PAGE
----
Mass. Education Panel Votes To Repeal Choice Law
The Massachusetts legislature's joint education committee has voted to repeal the state's controversial school-choice law that was hastily adopted during the budget process last year.
The legislative panel cast its nearly unanimous, bipartisan vote late last month, shortly after the committee's chairmen reported that progress in negotiations on a long awaited education-reform package had been impeded by disagreements over funding.
Rather than allow what they considered to be a seriously flawed program stretch into a second year, the committee moved to halt it in the event that the comprehensive legislation stalls.
"In Massachusetts, we really perverted the notion of what choice was all about,'' said Representative Michael R. Knapik, a Republican advocate of school choice who led the effort to repeal the law.
"It was a rob-Peter-to-pay-Paul scenario,'' he said. "Communities were making decisions purely for economic reasons and not for educational reasons.''
'Panic Sets In'
Under the Massachusetts choice law, students may attend the participating public school district of their choice with state aid following them. But some sending districts actually ended up owing considerably more to receiving districts than they were allotted in state aid because the law permits receiving districts to charge tuition equal to their own per-pupil costs.
For example, the Brockton district received $2,000 per pupil in state aid in 1989-90, but spent about $4,000 for each student. Yet, it was expected to pay the Avon district, which took in more than 100 of Brockton's students this school year, anywhere from $4,600 per elementary student to $10,200 per high-school student. Kindergarten costs ran $2,200 per pupil.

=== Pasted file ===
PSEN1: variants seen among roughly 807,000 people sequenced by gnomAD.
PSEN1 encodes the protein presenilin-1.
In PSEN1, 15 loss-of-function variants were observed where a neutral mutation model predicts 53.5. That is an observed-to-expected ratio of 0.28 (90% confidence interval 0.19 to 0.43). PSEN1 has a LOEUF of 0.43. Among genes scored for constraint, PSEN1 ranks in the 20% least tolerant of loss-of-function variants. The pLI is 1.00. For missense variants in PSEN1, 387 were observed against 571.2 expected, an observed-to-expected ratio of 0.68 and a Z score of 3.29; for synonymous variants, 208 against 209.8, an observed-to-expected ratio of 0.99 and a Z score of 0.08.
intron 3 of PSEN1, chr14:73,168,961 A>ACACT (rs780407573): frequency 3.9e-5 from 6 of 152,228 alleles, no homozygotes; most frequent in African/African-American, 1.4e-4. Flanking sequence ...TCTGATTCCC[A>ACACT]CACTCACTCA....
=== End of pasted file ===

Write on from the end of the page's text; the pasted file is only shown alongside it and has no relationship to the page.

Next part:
The law, which does not cover transportation costs, also tended to benefit children from white, middle-income families, many of whom had already been sending their children to out-of-district schools and paying tuition on their own. (See Education Week, Nov. 27, 1991.)
To ease some of the financial stress, the legislature late last year appropriated $2.4 million in emergency aid to school districts that had been penalized when their students elected to take advantage of the school-choice program and attend other districts.
At the time, however, only 28 districts were participating in the program. The number has now risen to 45, according to the state education department.
"One by one, as we predicted, school systems have been opting for school choice for next year,'' said Senator Arthur E. Chase, a Republican from Worcester and a leading opponent of the law. "As they do this, there is a recognition by those who are going to lose students of the potential devastation. All of a sudden panic sets in.''
Senator Chase projects that, by next year, transfers will increase from 835 to between 3,000 and 5,000, and the cost will rise from $4.3 million to between $15 million and $25 million, if the law is not changed.
Repeal or Revise
Legislators said they would be willing to permit their repeal bill to die if negotiators working on a comprehensive school-reform package include a modified version of choice.
For months, the joint committee's chairmen, Senator Thomas Birmingham and Representative Mark Roosevelt, have been meeting regularly with Gov. William F. Weld and his aides and with John C. Rennie, the chairman of the Massachusetts Business Alliance for Education, to craft what they envisioned as a far-reaching plan to rejuvenate a severely impaired state education system.